During a telephone call, King Mohammed pointed to the “repeated incursion of armed Polisario elements and their acts of provocation” in Guerguerat, an area in disputed Western Sahara near Mauritania.
Morocco said on Sunday it will pull back from a zone of the contested Western Sahara that has raised tensions with Algeria-backed Polisario Front separatists.
“The Kingdom of Morocco will proceed from today with a unilateral withdrawal from the (Guerguerat) zone,” the foreign ministry said in a statement.
It said the decision was taken by King Mohamed VI at the request of the UN Secretary General Antonio Guterres.
Rabat now “hopes the secretary general’s intervention will allow a return to the previous situation in the zone concerned, keep its status intact, allow the flow of normal road traffic and thus safeguard the ceasefire”, it said.
Madagascar’s Prime Minister Oliver Mahafaly Solonandrasana has been nominated to receive the 2016 Mandela Prize for Courage, the Malagasy government Press Service said.
Mr Solonandrasana left Antananarivo Friday for Paris, for the award ceremony at the Mandela Institute headquarters.
An official statement from the institute said Mr Solonandrasana was being recognised for his development vision for Madagascar and Africa.
The promised amendments to the Swaziland’s Suppression of Terrorism Act have been shelved by the kingdom’s Senate – again.
The Act, which bans organisations that advocate democratic reform and imprisons dissenters, has been criticised across the world as undemocratic.
The United States scrapped the lucrative trade deal AGOA with the kingdom because Swaziland refused to accept the need for reform. King Mswati III rules the kingdom as sub-Saharan Africa’s last absolute monarch.
Where is the campaign and help for the appeal of Swazi activist Zonke Dlamini, who was tortured and sentenced to 15 years under repressive terror laws three years ago, asks his co-accused, Bheki Dlamini, who was released without charge? Writes Kenworthy News Media.
Activist Zonke Dlamini was sentenced to 15 years in prison three years ago, on 28 February 2014, for allegedly petrol bombing the houses of two Swazi officials, an MP and a high-ranking police officer.
He denies the charges and says he was tortured during his interrogation, but his case has been more or less forgotten and he has subsequently not been able to appeal his sentence, says his co-accused, Swaziland Youth Congress President Bheki Dlamini.
Zimbabwean President Robert Mugabe is intent on becoming the southern African country’s life president, critics say, following his remarks during his recent 93rd birthday celebrations.
As state enterprises continue to belatedly wish the nonagenarian many more years to come in the state media, his critics and the opposition are adamant that, just like the late Malawian president Hastings Kamuzu Banda, the veteran Zanu–PF leader wants to rule up to the grave.
They point out that Mugabe’s machinations for “president for life” have been laid bare by his wife Grace, and have been confirmed by the Machiavellian politician in his various addresses to mark his birthday.
Thousands of nurses in state hospitals in Zimbabwe have gone on strike over a lack of bonus payments, straining an already dire situation at the poorly resourced hospitals.
Enoch Dongo, secretary general of the Zimbabwe Nurses Association, said on Wednesday that nurses will only return to work when they get a firm commitment that their bonuses will be paid.
Nurses and other government workers have yet to be paid a traditional annual bonus. The financially struggling government has proposed offsetting the 2016 bonus payments with land offers.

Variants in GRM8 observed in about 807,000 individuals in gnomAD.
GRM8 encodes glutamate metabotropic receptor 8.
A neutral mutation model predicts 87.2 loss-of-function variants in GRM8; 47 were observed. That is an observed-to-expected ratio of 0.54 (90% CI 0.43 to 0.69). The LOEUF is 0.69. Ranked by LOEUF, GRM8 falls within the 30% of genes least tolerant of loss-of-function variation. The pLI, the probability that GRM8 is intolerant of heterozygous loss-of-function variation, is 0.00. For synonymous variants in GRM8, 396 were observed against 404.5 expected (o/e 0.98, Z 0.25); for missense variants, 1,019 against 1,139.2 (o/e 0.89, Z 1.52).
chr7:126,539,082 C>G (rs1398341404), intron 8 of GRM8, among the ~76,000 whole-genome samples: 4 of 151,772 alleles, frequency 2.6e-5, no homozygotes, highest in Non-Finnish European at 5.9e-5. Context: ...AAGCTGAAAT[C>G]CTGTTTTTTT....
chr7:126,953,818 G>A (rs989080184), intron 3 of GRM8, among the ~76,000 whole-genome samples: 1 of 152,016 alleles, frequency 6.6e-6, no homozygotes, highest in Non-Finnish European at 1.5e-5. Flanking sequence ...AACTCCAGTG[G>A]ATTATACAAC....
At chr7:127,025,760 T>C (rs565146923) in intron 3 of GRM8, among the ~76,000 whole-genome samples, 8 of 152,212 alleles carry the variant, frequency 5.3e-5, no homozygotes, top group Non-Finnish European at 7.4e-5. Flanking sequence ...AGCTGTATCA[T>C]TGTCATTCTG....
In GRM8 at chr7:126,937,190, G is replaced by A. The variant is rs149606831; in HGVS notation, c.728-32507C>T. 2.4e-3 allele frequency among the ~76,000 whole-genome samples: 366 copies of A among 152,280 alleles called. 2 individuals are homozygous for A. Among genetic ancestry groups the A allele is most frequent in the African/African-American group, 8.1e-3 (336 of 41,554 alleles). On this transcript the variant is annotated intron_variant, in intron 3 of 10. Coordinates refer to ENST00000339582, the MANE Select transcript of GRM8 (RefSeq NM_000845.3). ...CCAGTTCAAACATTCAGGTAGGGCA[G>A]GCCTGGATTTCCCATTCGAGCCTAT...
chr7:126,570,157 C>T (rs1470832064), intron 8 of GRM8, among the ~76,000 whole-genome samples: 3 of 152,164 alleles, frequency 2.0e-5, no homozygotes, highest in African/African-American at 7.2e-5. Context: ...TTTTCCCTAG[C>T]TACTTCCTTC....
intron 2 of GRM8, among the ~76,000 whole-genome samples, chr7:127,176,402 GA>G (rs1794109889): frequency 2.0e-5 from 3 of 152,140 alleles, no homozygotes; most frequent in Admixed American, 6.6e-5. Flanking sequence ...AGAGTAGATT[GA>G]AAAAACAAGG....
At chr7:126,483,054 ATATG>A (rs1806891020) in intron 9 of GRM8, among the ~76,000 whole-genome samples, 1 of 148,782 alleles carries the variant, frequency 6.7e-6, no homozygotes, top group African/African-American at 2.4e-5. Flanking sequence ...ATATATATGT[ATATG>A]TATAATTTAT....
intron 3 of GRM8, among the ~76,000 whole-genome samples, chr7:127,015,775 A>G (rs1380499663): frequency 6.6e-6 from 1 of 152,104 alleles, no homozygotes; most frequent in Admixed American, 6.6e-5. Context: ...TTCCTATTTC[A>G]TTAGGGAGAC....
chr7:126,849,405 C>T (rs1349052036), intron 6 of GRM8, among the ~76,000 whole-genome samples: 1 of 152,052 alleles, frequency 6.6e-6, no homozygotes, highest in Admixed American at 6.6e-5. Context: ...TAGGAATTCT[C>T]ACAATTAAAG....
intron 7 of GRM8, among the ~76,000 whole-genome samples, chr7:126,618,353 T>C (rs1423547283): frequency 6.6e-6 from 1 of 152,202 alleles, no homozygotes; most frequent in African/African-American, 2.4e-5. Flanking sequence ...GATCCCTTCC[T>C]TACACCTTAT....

Africa in General
At least six Nigerian lawmakers are reportedly set to visit South Africa following the recent xenophobic attacks in Pretoria and Johannesburg.
According to Punch.com, the Nigerian delegate would be led by Femi Gbajabiamila, the Majority Leader of the west African country’s House of Representatives.
The lawmakers, the report said, would also be accompanied by foreign affairs officials.
The visit’s aim was to ascertain the “true state” of affairs regarding both Nigerian and other foreign nationals living in South Africa.
The Gambian parliament on Tuesday scrapped the constitutional age limit on presidential election candidates after new President Adama Barrow faced questions over his deputy’s eligibility due to her age.
Anyone over 65 has been barred from running for The Gambia’s highest office under a constitutional amendment that came into force in the west African country in 1997.
The new change comes after Barrow – who took office on February 18 after 22 years of iron-fisted rule by his predecessor Yahya Jammeh – faced criticism over his decision to nominate 68-year-old Fatoumata Jallow Tambajang as his vice president.
ZIMBABWE’S impoverished civil servants will join the social movement in a massive industrial action set to bring the country into a standstill on Monday. The civil servants are protesting non-payment of salaries while the civil society organiations are aggrieved by the worsening social and economic meltdown blamed on the beleaguered administration of President Robert Mugabe and ZANU (PF). Companies are shutting daily as a result of the economic meltdown, which has seen government considering paying civil servants with residential stands. On the other hand,
The International Criminal Court (ICC) president, Judge Silvia Fernández de Gurmendi, has assured African leaders that the world court is not targeting only African leaders to have them prosecuted but rather the court is playing its role of dispensing justice world-wide.
Judge Fernández was, however, quick to admit that the court initiated its investigations legally called situations mainly on the African continent.
The ICC president’s assurances follow last year’s pronouncement by the governments of South Africa, Burundi and The Gambia to withdraw their membership from the ICC over what they described as disproportionate targeting of the continent’s leaders. In particular, President Museveni has on several occasions lashed out at the ICC for allegedly targeting African leaders before referring to them as a bunch of ‘useless’ people.